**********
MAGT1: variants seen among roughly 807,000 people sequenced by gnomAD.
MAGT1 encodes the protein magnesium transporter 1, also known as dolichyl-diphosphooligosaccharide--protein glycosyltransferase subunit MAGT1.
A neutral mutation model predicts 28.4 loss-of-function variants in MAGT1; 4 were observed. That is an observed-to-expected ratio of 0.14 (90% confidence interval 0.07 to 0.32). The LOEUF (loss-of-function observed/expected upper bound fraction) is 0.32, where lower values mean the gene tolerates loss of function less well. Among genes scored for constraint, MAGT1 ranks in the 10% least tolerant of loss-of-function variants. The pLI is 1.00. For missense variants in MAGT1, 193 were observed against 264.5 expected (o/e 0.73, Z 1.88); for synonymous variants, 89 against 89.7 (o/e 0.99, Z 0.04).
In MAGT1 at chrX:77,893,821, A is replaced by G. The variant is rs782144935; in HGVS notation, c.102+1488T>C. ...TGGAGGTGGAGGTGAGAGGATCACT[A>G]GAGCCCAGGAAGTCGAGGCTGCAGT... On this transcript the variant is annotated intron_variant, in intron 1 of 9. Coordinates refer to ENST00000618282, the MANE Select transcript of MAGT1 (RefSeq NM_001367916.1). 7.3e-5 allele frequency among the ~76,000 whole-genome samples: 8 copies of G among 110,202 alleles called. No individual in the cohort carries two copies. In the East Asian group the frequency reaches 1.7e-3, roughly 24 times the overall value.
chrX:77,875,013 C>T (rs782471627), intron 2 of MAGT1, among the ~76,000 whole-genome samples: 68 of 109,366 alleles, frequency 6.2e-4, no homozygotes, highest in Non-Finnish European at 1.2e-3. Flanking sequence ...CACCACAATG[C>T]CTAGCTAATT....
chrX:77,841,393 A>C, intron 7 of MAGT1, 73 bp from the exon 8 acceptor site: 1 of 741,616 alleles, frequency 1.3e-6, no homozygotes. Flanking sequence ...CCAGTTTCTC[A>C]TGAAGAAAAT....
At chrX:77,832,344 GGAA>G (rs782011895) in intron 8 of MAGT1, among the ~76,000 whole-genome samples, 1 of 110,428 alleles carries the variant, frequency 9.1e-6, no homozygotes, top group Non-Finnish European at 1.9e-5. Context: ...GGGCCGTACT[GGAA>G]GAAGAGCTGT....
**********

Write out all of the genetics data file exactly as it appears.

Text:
MAGT1: variants seen among roughly 807,000 people sequenced by gnomAD.
MAGT1 encodes the protein magnesium transporter 1, also known as dolichyl-diphosphooligosaccharide--protein glycosyltransferase subunit MAGT1.
A neutral mutation model predicts 28.4 loss-of-function variants in MAGT1; 4 were observed. That is an observed-to-expected ratio of 0.14 (90% confidence interval 0.07 to 0.32). The LOEUF (loss-of-function observed/expected upper bound fraction) is 0.32, where lower values mean the gene tolerates loss of function less well. Among genes scored for constraint, MAGT1 ranks in the 10% least tolerant of loss-of-function variants. The pLI is 1.00. For missense variants in MAGT1, 193 were observed against 264.5 expected (o/e 0.73, Z 1.88); for synonymous variants, 89 against 89.7 (o/e 0.99, Z 0.04).
In MAGT1 at chrX:77,893,821, A is replaced by G. The variant is rs782144935; in HGVS notation, c.102+1488T>C. ...TGGAGGTGGAGGTGAGAGGATCACT[A>G]GAGCCCAGGAAGTCGAGGCTGCAGT... On this transcript the variant is annotated intron_variant, in intron 1 of 9. Coordinates refer to ENST00000618282, the MANE Select transcript of MAGT1 (RefSeq NM_001367916.1). 7.3e-5 allele frequency among the ~76,000 whole-genome samples: 8 copies of G among 110,202 alleles called. No individual in the cohort carries two copies. In the East Asian group the frequency reaches 1.7e-3, roughly 24 times the overall value.
chrX:77,875,013 C>T (rs782471627), intron 2 of MAGT1, among the ~76,000 whole-genome samples: 68 of 109,366 alleles, frequency 6.2e-4, no homozygotes, highest in Non-Finnish European at 1.2e-3. Flanking sequence ...CACCACAATG[C>T]CTAGCTAATT....
chrX:77,841,393 A>C, intron 7 of MAGT1, 73 bp from the exon 8 acceptor site: 1 of 741,616 alleles, frequency 1.3e-6, no homozygotes. Flanking sequence ...CCAGTTTCTC[A>C]TGAAGAAAAT....
At chrX:77,832,344 GGAA>G (rs782011895) in intron 8 of MAGT1, among the ~76,000 whole-genome samples, 1 of 110,428 alleles carries the variant, frequency 9.1e-6, no homozygotes, top group Non-Finnish European at 1.9e-5. Context: ...GGGCCGTACT[GGAA>G]GAAGAGCTGT....